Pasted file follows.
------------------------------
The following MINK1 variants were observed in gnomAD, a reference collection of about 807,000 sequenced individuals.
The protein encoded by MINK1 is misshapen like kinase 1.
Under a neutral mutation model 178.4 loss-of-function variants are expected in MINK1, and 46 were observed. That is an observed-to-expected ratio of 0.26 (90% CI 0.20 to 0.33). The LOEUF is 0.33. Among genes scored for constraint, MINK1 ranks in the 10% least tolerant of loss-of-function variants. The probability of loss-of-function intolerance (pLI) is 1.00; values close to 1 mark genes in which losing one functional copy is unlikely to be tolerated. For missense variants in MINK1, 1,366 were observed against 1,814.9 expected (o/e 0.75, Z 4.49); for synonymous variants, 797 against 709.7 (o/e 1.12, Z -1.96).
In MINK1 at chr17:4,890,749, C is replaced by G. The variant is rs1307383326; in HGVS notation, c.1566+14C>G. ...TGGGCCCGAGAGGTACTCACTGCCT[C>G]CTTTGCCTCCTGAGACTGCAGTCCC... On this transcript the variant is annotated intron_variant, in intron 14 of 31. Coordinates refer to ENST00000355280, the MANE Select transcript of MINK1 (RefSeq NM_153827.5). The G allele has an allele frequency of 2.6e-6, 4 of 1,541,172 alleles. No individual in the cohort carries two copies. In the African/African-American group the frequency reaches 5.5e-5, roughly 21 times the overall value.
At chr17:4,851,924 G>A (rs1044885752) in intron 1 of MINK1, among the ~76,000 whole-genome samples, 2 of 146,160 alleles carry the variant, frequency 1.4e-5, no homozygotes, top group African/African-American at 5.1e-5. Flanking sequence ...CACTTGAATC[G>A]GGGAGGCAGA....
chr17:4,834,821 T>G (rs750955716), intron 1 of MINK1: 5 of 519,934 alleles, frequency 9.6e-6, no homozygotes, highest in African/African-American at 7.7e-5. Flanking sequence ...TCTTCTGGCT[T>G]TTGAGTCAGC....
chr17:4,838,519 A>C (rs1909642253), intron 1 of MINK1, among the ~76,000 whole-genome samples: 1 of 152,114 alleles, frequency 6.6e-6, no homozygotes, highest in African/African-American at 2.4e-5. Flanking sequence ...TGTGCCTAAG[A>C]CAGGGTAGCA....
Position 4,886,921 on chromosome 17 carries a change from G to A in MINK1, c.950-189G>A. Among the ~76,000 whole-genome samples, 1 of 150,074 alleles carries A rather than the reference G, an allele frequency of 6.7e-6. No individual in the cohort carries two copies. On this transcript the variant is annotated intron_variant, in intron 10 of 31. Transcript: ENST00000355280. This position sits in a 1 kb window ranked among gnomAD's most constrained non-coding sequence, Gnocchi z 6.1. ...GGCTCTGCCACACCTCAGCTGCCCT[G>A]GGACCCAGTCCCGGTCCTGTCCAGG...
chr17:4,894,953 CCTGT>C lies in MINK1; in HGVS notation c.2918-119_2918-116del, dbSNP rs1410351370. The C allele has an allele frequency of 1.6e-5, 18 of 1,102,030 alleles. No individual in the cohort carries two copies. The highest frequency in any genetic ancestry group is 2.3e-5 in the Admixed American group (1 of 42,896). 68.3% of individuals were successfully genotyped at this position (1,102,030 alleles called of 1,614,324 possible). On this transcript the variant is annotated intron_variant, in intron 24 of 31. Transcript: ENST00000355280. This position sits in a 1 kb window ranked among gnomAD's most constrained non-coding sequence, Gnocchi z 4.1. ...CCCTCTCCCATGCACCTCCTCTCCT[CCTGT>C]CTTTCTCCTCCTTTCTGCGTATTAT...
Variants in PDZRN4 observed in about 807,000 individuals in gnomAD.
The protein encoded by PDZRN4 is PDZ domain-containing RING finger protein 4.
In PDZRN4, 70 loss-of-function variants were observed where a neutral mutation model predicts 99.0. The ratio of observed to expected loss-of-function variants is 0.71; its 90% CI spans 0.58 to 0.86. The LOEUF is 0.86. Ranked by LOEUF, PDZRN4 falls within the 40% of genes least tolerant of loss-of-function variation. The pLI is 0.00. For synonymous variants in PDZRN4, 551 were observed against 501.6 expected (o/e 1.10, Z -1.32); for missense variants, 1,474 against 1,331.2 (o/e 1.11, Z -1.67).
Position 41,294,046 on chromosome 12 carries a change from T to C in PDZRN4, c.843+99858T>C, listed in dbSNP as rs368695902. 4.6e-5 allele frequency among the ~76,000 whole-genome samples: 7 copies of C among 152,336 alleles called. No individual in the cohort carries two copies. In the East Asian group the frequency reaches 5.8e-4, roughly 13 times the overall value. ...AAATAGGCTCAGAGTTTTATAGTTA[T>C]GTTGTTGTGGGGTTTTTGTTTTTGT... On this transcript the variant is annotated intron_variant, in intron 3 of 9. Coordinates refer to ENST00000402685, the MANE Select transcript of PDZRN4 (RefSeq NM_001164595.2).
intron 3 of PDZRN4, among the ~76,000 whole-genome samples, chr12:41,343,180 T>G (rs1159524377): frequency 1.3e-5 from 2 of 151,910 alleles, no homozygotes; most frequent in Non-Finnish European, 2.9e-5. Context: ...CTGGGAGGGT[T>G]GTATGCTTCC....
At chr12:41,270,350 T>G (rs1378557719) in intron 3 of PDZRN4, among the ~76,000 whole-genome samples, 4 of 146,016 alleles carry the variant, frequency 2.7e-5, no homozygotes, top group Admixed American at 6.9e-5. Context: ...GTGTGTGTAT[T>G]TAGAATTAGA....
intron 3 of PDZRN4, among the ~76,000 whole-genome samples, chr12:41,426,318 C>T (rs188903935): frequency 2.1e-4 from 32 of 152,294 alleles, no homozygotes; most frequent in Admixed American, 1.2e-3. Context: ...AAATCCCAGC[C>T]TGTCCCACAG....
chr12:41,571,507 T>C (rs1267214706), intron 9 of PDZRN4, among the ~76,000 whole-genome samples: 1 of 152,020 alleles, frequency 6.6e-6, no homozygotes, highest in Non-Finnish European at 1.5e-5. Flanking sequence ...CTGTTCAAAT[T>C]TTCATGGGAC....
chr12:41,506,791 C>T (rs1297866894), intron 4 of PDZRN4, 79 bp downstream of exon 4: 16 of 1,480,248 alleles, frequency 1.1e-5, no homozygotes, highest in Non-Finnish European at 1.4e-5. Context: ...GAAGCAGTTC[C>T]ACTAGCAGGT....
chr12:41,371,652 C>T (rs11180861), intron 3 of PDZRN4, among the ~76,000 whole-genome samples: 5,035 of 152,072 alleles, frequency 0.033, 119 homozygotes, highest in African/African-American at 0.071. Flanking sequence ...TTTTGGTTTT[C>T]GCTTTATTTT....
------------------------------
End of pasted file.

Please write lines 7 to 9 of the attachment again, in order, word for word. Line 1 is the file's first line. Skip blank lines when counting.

chr17:4,838,519 A>C (rs1909642253), intron 1 of MINK1, among the ~76,000 whole-genome samples: 1 of 152,114 alleles, frequency 6.6e-6, no homozygotes, highest in African/African-American at 2.4e-5. Flanking sequence ...TGTGCCTAAG[A>C]CAGGGTAGCA....
Position 4,886,921 on chromosome 17 carries a change from G to A in MINK1, c.950-189G>A. Among the ~76,000 whole-genome samples, 1 of 150,074 alleles carries A rather than the reference G, an allele frequency of 6.7e-6. No individual in the cohort carries two copies. On this transcript the variant is annotated intron_variant, in intron 10 of 31. Transcript: ENST00000355280. This position sits in a 1 kb window ranked among gnomAD's most constrained non-coding sequence, Gnocchi z 6.1. ...GGCTCTGCCACACCTCAGCTGCCCT[G>A]GGACCCAGTCCCGGTCCTGTCCAGG...
chr17:4,894,953 CCTGT>C lies in MINK1; in HGVS notation c.2918-119_2918-116del, dbSNP rs1410351370. The C allele has an allele frequency of 1.6e-5, 18 of 1,102,030 alleles. No individual in the cohort carries two copies. The highest frequency in any genetic ancestry group is 2.3e-5 in the Admixed American group (1 of 42,896). 68.3% of individuals were successfully genotyped at this position (1,102,030 alleles called of 1,614,324 possible). On this transcript the variant is annotated intron_variant, in intron 24 of 31. Transcript: ENST00000355280. This position sits in a 1 kb window ranked among gnomAD's most constrained non-coding sequence, Gnocchi z 4.1. ...CCCTCTCCCATGCACCTCCTCTCCT[CCTGT>C]CTTTCTCCTCCTTTCTGCGTATTAT...